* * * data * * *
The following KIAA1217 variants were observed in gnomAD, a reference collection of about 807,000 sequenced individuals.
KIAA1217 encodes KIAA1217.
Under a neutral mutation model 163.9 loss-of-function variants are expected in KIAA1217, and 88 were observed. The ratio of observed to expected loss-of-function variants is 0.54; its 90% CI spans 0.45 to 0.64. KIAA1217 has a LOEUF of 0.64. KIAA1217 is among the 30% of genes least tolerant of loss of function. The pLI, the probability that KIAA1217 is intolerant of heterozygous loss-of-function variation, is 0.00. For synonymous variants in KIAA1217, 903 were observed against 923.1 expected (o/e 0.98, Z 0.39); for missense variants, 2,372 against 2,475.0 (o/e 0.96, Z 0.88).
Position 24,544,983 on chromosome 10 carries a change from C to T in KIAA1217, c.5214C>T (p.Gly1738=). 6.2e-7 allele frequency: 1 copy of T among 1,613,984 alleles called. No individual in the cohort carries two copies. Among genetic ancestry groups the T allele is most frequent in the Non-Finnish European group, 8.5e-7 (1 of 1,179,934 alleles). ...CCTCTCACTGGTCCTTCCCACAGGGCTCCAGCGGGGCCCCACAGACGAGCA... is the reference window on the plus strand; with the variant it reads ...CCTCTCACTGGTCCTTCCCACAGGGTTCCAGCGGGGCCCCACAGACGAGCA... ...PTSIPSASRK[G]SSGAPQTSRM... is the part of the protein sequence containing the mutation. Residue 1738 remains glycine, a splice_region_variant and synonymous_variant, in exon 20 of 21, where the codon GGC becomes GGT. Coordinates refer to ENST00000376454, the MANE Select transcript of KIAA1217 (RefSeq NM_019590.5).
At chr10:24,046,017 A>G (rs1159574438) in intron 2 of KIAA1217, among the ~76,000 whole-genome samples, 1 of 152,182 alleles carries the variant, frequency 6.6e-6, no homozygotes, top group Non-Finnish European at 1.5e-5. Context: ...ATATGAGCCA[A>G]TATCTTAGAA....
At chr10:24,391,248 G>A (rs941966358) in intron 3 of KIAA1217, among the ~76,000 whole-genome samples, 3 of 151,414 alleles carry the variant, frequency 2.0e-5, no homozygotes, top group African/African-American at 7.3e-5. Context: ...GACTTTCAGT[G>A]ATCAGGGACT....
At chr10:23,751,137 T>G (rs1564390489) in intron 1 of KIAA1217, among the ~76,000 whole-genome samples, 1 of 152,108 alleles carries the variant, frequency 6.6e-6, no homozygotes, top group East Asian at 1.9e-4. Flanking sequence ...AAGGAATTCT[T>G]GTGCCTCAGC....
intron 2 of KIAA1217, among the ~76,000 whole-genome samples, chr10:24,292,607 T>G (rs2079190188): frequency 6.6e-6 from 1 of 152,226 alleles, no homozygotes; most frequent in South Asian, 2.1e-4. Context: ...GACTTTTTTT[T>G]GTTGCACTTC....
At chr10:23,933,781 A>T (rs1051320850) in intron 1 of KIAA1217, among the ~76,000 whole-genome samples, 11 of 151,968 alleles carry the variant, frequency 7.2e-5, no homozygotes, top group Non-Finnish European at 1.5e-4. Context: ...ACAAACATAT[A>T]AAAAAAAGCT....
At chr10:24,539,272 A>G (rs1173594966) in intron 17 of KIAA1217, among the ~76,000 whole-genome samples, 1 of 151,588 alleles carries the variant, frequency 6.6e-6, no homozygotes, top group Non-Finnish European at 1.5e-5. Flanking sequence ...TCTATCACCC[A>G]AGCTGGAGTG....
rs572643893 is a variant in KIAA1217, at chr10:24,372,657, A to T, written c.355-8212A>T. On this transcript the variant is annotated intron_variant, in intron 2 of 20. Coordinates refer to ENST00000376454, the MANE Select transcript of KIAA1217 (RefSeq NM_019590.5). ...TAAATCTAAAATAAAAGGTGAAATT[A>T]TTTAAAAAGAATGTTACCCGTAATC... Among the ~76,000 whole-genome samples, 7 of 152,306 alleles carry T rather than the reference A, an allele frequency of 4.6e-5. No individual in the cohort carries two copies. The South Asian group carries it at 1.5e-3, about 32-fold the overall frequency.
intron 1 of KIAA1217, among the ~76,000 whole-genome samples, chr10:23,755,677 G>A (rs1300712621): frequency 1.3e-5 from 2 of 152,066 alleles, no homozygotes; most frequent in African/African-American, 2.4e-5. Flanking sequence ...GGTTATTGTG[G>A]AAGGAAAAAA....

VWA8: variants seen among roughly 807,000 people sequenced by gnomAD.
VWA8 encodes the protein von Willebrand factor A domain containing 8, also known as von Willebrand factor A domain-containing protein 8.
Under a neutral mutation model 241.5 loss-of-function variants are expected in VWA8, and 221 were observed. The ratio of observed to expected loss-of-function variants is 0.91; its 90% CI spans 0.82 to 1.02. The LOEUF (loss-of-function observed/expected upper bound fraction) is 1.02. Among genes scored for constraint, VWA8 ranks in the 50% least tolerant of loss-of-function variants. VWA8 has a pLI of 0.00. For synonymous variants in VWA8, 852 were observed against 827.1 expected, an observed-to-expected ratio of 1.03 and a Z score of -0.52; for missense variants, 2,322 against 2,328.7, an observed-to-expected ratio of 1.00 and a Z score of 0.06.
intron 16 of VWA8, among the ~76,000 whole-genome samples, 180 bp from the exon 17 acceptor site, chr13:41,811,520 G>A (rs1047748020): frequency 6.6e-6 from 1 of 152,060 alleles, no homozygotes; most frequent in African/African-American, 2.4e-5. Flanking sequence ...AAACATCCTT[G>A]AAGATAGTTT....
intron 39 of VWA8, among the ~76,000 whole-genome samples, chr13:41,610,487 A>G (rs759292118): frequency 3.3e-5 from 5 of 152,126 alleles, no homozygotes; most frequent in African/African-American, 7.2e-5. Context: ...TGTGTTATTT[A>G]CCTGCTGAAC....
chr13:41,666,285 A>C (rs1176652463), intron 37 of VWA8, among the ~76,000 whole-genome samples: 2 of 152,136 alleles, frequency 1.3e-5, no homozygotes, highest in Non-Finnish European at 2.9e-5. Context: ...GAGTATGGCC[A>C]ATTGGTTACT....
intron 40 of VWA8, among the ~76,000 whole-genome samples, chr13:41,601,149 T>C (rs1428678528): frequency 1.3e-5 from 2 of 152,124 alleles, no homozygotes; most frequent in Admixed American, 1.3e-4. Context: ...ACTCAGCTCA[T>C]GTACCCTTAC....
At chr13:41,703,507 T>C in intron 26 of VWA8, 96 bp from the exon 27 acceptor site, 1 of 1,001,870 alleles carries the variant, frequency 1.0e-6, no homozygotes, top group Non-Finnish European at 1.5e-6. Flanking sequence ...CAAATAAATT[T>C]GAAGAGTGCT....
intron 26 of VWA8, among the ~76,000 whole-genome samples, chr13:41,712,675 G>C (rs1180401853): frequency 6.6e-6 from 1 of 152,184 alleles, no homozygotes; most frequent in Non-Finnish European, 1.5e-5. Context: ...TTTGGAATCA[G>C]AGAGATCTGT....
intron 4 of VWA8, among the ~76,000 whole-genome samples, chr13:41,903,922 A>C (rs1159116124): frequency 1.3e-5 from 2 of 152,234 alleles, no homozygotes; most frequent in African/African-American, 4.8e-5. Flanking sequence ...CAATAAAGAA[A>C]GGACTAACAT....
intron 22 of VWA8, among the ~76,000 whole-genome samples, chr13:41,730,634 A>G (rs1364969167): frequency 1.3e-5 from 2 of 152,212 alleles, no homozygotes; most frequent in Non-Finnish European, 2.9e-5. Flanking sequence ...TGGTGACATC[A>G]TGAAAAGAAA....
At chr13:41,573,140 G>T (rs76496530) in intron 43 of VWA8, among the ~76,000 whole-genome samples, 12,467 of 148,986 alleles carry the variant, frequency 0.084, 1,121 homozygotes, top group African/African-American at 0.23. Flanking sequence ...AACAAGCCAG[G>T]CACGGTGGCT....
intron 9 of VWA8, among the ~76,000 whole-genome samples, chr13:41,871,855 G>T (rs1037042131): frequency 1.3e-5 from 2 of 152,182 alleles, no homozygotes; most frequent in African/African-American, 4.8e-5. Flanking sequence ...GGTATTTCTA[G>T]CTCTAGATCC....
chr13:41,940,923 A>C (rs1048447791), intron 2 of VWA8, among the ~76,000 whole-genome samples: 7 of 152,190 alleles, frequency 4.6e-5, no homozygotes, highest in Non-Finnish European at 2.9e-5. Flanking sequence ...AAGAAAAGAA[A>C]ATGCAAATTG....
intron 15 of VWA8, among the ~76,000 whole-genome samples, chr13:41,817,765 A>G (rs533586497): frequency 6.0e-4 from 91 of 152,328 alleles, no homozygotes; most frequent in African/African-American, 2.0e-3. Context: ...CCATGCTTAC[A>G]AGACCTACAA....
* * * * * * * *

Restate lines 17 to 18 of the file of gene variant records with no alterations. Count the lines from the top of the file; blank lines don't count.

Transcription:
intron 39 of VWA8, among the ~76,000 whole-genome samples, chr13:41,610,487 A>G (rs759292118): frequency 3.3e-5 from 5 of 152,126 alleles, no homozygotes; most frequent in African/African-American, 7.2e-5. Context: ...TGTGTTATTT[A>G]CCTGCTGAAC....
chr13:41,666,285 A>C (rs1176652463), intron 37 of VWA8, among the ~76,000 whole-genome samples: 2 of 152,136 alleles, frequency 1.3e-5, no homozygotes, highest in Non-Finnish European at 2.9e-5. Context: ...GAGTATGGCC[A>C]ATTGGTTACT....